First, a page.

Late in life Francesco di Giorgio may have turned to painting again, following work done in bronze relief, most famous of which is the Deposition in Venice, and four bronze angels for Siena Cathedral, but the attributions made for a late period are full of problems since Sienese painting toward the end of the fifteenth century has not yet been carefully studied. Outsiders begin to dominate the local scene. Perugino, Pinturicchio, and Signorelli, all active in Siena, overshadowed Francesco as a painter.

   
   
Francesco di Giorgio Martini, Madonna del Terremoto, detail, 1467, Archivo di Stato, Siena


The typical tablet from the Biccherna (revenue office) has a votive subject: the Virgin as intercessor to protect the city against earthquake. The contribution of an anonymous assistant referred to as "Fiduciario de Francesco" is assumed.

The Biccherna panels offer a history of Sienese art in miniature, over the course of which you can watch the Byzantine formality yield to a Gothic sense of realism, then supplanted by Renaissance one-point perspective, and so on. The panels also offer crucial historical information, showing the monks and nobles who served as tax officers.

Especially in later years, the panel was given over to a depiction of an important event in Siena during the six-month period of that codex of records. The panel shown above, by Francesco di Giorgio Martini, shows the city of Siena during a series of earthquakes in August 1466. You can see what the Duomo looked like and how the towers of Siena were more numerous and much taller in that period. The Sienese, fearing that those towers were going to collapse if the earthquakes continued, left the city in large numbers and lived in temporary shelters, which are shown in the foreground.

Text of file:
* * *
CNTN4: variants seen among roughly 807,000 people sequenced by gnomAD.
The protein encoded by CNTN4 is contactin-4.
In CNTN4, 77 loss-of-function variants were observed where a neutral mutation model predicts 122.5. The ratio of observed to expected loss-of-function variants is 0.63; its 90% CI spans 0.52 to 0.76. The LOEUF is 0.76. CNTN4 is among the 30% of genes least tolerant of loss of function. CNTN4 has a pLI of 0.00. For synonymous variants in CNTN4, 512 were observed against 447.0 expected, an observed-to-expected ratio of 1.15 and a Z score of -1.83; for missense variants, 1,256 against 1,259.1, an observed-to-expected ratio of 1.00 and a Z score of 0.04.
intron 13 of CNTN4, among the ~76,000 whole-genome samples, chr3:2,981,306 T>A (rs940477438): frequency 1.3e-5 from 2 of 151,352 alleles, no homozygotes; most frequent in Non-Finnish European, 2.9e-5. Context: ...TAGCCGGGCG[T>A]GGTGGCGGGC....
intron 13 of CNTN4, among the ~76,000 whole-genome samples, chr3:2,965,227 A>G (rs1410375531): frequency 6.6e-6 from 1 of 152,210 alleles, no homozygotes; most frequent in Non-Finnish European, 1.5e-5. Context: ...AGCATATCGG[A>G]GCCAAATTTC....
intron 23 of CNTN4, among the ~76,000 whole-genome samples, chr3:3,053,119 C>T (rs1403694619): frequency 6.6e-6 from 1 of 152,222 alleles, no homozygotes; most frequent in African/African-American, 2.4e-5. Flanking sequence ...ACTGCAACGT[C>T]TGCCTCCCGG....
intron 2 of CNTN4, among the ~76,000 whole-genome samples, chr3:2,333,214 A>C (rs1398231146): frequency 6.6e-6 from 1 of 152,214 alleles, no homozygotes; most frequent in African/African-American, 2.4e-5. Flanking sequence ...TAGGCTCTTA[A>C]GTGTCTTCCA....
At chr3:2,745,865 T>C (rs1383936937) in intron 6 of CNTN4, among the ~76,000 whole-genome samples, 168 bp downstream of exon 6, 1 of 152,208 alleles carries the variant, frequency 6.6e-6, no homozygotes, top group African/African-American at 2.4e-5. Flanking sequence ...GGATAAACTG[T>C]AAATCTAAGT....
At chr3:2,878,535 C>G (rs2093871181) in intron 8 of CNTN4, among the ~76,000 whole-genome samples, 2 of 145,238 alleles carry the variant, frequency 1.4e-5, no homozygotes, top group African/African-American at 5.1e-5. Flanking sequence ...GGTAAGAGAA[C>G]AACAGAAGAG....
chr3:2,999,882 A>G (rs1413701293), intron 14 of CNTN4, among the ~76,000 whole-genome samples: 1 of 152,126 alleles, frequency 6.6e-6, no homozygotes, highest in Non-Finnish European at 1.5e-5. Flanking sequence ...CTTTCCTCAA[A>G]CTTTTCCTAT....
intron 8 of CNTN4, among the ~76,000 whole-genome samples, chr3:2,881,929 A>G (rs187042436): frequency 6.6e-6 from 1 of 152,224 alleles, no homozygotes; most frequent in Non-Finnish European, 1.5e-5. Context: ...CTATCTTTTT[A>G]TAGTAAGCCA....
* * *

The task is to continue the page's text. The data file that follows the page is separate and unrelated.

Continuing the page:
Beginning as a talented young painter, fully integrated within Sienese tradition, Francesco di Giorgio Martini ended as the most famous architect, engineer and 'universal man' of his era. His beautiful little Biccherna cover, painted in his late twenties, draws effortlessly on an accumulated imagery of the city that goes back to the early trecento (as does the Biccherna form itself). Towers and palaces rise up, surmounted by the striped Cathedral and the tower of the Palazzo Pubblico, all contained within the circuit of the wall, its brick transformed to a hotter pink, as though lit by a setting sun. Shaken by earthquakes, the inhabitants have moved outside into a tented camp. But the ever-protective Virgin (who resembles earlier Madonnas by Francesco's master Vecchietta, and whose angel-attendants recall in turn those of Vecchietta's teacher, Sassetta) still keeps covenant with her city. In the long lineage of Sienese civic images, Francesco's is perhaps the last that is truly memorable.

Art in Tuscany | Sienese Biccherna Covers | Biccherne Senesi
 

Francesco di Giorgio Martini, Madonna del Terremoto, 1467, Archivo di Stato, Siena
   
The Nativity with two angels, Sts Bernard and Thomas of Aquino is the only signed work of the Sienese master. (It is signed 'Francisc. Georgii insit' at left bottom.)